Sweden’s big-four national pension buffer funds have stressed the importance of transparency around the work of their Council on Ethics (AP-fondernas etikråd), which carries out their responsible ownership work, and said the latest annual report is more open about talks with companies.

AP1, AP2, AP3 and AP4, which run the council, said in a statement that the 2021 annual report – released in Swedish last week – presented “a more transparent account of the impact dialogues and the milestones achieved”.

Peter Lundkvist, chair of the Council on Ethics, said: “It’s important for the council to be able to present even more transparent reporting on our dialogue work with companies and sectors.”

He said the council’s work was long-term and the impact of advocacy could be difficult to quantify.

“However, thanks to intensive internal work, we’ve further developed our reporting on the work the council is doing to improve sustainability work in companies,” said Lundkvist, who is also senior strategist and head of corporate governance at AP3.

The latest annual report is significantly longer than the previous year’s publication, and contains 22 detailed accounts of corporate dialogues compared to 13 such examples in the 2020 report.

However, the council said in the report that although it strove to be as transparent as possible in reporting how its own operations were conducted, it was “of the utmost importance” to safeguard the confidence it built up in a dialogue with a company.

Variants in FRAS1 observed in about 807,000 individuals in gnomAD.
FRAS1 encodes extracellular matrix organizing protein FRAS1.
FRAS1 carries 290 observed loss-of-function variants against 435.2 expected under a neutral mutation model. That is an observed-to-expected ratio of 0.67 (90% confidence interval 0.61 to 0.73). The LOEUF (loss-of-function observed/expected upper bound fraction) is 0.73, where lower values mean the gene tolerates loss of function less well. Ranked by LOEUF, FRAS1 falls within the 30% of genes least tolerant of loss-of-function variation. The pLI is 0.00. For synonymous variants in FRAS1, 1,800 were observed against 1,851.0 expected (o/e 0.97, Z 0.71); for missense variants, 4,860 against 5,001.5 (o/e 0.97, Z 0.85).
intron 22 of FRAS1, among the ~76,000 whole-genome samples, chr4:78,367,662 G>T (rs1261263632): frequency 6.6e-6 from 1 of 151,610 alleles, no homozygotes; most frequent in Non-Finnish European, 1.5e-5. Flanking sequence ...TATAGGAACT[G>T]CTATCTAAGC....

“The work of achieving improvement often takes time,” it said.

The council is currently in a phase of potential change, with its longstanding secretary-general John Howchin having left at the end of December, and the four AP funds  having announced last October that a strategic review of the organisation would be carried out.

The funds, which collectively manage SEK1.9trn (€184bn), said work had started in the course of last year to “develop and further strengthen the activities of the council”, and that a report on that process would be presented in 2022.

According to the 2021 report, the council conducted eight proactive projects to improve sustainability in difficult and vulnerable sectors, and 85 reactive company dialogues to enable companies to address serious incidents and prevent future incidents.

The proactive projects included work on mining companies, work with tech giants on human rights, as well as advocacy projects, which included work on anti-corruption and climate change, the funds said.

In the council’s reactive work, the funds said that more than half of the dialogues in 2021 had been about suspected human rights violations, while a third related to business ethics and the rest concerned environmental issues.

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